3.5 Boundary Planes

In addition to telling us where things are, the sensor depth data also indicates free space, places where something cannot be. The region between the device and each depth point is known to be free of geometry. We take advantage of this by adding boundary collision planes, taken from the hull of the point cloud, to contain the 3D model. Because small objects, such as fingers, can move very fast relative to their size, we do not add blocking collision planes within this convex envelope since we want bodies to be able to freely move within this space toward the best fit.

3.6 The Hand Model

For short range user tracking, we use a 3D model of the user’s hand. Although the human hand has soft deformable regions, it is possible to model and rig a rigid-body representation that adequately approximates a user’s hand geometry and motion that has less error than what is coming from the depth sensors. Each rigid section of the wrist and hand is approximated by a convex rigid body. Although the palm consists of a number of anatomical bones, it is only 1 rigid body in our system. Fingers and thumb each consist of 3 rigid bodies each. Just as human bones are connected and motion limited with ligaments, the virtual model is specified with linear attachments and angular limit constraints to prevent physically impossible configurations but still allow for abduction and adduction. Our reference hand model is 20 cm long, but is easily scalable at runtime to fit the user’s hand length and width to help tracking accuracy. Furthermore, the model is just a data file, created in and exported from 3DS Max, that is easily modified to allow our system to work with an individual with a unique hand such as double jointed mobility or missing digits. Our standard hand size works well for a variety of users, and morphological surveys of the human hand lend credence to the fact adult hands are often of similar size and proportion [4]. However, while we do not focus on this work, there do exist techniques for automatic generation of accurate 3D hand models based on reference images [34].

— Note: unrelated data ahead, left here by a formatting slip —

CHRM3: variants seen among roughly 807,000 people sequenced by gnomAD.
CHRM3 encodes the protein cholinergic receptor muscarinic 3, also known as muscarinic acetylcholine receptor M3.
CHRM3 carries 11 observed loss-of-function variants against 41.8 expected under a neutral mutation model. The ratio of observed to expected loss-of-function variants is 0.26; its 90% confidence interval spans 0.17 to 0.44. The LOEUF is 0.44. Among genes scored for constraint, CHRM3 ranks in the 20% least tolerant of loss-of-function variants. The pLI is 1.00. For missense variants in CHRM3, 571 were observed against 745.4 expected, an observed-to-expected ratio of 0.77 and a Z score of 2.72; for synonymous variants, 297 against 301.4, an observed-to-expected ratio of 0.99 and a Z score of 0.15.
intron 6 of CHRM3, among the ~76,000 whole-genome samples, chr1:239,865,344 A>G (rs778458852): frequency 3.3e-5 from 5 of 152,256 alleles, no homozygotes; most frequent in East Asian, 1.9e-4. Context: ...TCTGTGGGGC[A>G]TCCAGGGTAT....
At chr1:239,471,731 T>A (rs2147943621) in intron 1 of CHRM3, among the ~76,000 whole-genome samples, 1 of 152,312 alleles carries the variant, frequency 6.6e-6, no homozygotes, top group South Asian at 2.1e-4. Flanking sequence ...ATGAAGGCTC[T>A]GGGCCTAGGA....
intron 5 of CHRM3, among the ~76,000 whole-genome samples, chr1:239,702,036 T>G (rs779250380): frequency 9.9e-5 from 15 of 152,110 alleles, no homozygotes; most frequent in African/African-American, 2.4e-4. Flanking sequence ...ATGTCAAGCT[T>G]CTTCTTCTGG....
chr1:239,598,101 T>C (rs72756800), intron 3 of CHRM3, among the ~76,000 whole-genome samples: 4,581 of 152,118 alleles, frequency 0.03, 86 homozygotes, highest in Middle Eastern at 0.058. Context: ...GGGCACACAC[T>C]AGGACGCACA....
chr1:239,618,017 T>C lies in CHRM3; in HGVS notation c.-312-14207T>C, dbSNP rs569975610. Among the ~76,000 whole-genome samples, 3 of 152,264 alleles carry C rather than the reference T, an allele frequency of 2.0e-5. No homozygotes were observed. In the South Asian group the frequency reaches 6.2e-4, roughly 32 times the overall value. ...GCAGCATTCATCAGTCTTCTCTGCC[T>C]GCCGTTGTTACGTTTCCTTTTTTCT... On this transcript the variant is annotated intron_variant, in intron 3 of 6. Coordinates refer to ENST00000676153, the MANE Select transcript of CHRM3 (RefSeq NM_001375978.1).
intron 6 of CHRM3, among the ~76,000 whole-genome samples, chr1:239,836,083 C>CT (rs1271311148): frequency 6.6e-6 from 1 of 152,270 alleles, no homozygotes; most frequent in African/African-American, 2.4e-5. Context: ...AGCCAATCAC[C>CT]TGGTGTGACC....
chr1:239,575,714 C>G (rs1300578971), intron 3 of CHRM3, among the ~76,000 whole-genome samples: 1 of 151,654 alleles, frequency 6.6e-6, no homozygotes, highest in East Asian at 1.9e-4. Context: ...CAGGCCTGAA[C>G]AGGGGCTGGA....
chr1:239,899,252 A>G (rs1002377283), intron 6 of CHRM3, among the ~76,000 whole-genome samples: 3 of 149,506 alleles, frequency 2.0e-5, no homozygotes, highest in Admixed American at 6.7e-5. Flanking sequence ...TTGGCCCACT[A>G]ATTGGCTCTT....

Figure 3: Hand Modeled in 3DS Max. Wireframe mode shows Interpenetrating bones.

Our model is constructed to help minimize errors in the system. The geometry of the rigid bodies interpenetrates the neighboring bones to avoid gaps. For example, the finger bones are roughly capsule shaped with the rounded caps occupying the same space as its neighbor. Collisions between neighboring shapes is disabled. We want the tracking surface constraints, described below, to only limit motion parallel to the outer surface and to be able to slip from one rigid body to the next. Rather than true capsules, we used convex polyhedra to better fit the geometry of the actual hand.

Figure 4: Surface constraints from Point Cloud (Depth Values) Affecting the Bones of the Hand

3.7 Initializing and Exploiting Higher Level Information

Normally we initially know little about what object is at a particular depth value. Occasionally, the user will place his hand in an obvious pose such that a simple computer vision technique can recognize the state with a high degree of certainty. Our physical simulation system is easily able to exploit this higher level information, when available, by constraining these points to their known areas on the tracking model (rather than just the closest). Furthermore, even partial information is still useful; for example, if we know a point is on a fingertip, but don’t know which one, then we limit that point’s matching to just the fingertips.